4. In the other tab, "Program Settings", you can set different settings for individual programs. If a game or graphics-heavy program is laggy, check its settings and make sure it's set to run on the "High-performance NVIDIA processor".
  5. You can turn on Triple Buffering and set Maximum Pre-rendered Frames to 4 for programs in which you prefer smoothness over low latency.

Turn Off Transparency Effects

Benefits: If you're using a high-resolution display, Windows may run with a lot of lag or stutter. For example, the Start Menu may have a delay when opening. Turning off transparency effects makes the UI smoother and snappier.

  1. Search "transparency" in Start (simply hit the Start button/key and start typing) to find the setting. Turn Transparency effects off.

Change Active Hours

Benefits: Sometimes, Windows Updates can automatically start installing updates while you want to use the computer. You can change the Active Hours to prevent that.

  1. Search "active hours" in Start to find the setting.
  2. Go into "Change active hours" to set the time frame in which you don't want Windows Update to run.

Use SpeedShift Instead of SpeedStep

Benefits: By default, Windows uses the software-based SpeedStep to scale the CPU frequency up and down according to load. This is an archaic method that is prone to micro-lag. Switching to the new hardware-based SpeedShift makes the computer more responsive yet more power-efficient, because the CPU can ramp up quickly and get back down quickly instead of lingering at high frequencies for nothing.

  1. Download ThrottleStop and put it in a convenient location like "C:\Program Files\ThrottleStop".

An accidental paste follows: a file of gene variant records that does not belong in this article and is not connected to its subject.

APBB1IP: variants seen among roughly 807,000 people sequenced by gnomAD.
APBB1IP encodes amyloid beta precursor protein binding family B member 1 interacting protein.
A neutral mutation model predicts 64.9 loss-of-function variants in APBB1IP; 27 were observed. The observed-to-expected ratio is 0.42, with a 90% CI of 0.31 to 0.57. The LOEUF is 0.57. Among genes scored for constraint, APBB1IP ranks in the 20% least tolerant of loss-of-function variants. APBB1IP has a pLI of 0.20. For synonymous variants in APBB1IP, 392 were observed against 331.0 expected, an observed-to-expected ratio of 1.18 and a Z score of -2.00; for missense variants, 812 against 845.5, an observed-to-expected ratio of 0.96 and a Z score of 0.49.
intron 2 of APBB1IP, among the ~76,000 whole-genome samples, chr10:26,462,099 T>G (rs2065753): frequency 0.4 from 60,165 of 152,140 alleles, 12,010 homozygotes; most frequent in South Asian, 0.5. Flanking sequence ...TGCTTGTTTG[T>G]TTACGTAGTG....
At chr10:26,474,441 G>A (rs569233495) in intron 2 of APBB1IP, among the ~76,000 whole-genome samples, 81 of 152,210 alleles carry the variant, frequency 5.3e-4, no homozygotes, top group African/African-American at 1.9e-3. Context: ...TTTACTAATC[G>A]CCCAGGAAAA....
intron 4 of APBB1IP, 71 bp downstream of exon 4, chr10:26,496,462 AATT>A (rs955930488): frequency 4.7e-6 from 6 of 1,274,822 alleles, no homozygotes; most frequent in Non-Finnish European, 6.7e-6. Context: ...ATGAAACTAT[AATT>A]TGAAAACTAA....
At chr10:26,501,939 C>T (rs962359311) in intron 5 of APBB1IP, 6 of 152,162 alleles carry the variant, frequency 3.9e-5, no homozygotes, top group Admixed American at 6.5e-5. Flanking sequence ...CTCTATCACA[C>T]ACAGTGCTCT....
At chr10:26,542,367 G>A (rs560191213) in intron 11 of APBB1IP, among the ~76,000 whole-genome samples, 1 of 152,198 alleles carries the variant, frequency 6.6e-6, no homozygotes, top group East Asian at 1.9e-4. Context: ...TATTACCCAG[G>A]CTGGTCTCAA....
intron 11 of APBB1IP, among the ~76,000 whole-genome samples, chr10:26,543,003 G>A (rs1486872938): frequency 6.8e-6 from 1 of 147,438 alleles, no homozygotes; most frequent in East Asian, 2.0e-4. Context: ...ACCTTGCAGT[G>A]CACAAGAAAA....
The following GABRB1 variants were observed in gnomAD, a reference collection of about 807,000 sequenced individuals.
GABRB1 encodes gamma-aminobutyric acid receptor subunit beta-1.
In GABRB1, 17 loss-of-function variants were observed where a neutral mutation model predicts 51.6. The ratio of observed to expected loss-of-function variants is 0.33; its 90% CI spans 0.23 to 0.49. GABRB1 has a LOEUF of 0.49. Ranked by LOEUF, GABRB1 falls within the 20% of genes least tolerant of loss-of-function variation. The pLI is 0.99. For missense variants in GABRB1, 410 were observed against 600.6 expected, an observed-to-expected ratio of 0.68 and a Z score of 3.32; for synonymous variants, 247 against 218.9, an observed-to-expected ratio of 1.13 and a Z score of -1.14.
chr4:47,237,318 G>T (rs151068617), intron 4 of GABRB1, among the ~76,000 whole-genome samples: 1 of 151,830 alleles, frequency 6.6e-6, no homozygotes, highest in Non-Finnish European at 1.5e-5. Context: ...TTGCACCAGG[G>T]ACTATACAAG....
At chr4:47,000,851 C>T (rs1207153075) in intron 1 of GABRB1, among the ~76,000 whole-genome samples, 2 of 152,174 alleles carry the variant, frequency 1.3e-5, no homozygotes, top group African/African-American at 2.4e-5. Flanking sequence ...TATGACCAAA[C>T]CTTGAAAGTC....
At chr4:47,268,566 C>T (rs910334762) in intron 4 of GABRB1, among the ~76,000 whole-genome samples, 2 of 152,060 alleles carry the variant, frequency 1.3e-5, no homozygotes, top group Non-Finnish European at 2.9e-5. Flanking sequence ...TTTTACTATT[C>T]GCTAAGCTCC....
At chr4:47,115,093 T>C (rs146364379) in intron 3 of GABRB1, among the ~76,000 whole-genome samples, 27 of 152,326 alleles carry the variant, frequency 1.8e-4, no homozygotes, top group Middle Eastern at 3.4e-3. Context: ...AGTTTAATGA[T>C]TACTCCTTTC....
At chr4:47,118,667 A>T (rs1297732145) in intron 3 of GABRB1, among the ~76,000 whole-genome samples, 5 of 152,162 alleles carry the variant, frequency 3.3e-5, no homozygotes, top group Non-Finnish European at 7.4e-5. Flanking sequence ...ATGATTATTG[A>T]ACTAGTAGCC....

2. You need both x86 and x64 versions of the Visual C++ Redistributable installed to run it.
  3. Open ThrottleStop. Click the "Turn On" button at the bottom.
  4. In the Options menu, enable AC Profile and Battery Profile. Now, ThrottleStop will use the Performance profile when the laptop is plugged in and the Battery profile when running on battery.
  5. Turn off SpeedStep and turn on Speed Shift. Go over to the other profile and do the same.
  6. We can set a different Speed Shift value for running on battery and for when plugged in. I set Speed Shift to 0 in Performance and 128 in Battery. Greater number means more favoritism toward lower frequencies (more power-saving). Meanwhile, 0 is great for reducing micro-lag. This way, I get full performance when plugged in but then my CPU is sensible when on battery.
  7. Follow this guide to have ThrottleStop run at startup. You can also check "Start Minimized" in ThrottleStop's Options. You can always find ThrottleStop in the system tray.

Undervolt

Benefits: Increases overall efficiency by making the CPU and iGPU run at a voltage no higher than necessary. The processor will generate less heat and therefore throttle less, and also use less battery.

  1. Open ThrottleStop's FIVR menu.
  2. Notice in the top left corner there are again the four profiles. Start with the Battery profile.
  3. Use Offset Voltage to lower the voltage of the CPU CoreCPU CacheIntel GPU, and iGPU Unslice.
    1. Keep the CPU-related voltages the same, and keep the GPU-related voltages the same. -90mV CPU and -40mV iGPU are safe values to start at. The appropriate values are different for each machine, so you need to test them if you want the optimum.
    2. To test whether the undervolt is stable on battery, unplug your laptop and open ThrottleStop's TS Bench menu. Set the Size to 1024M and click Start. You can also test using your favorite game or large program.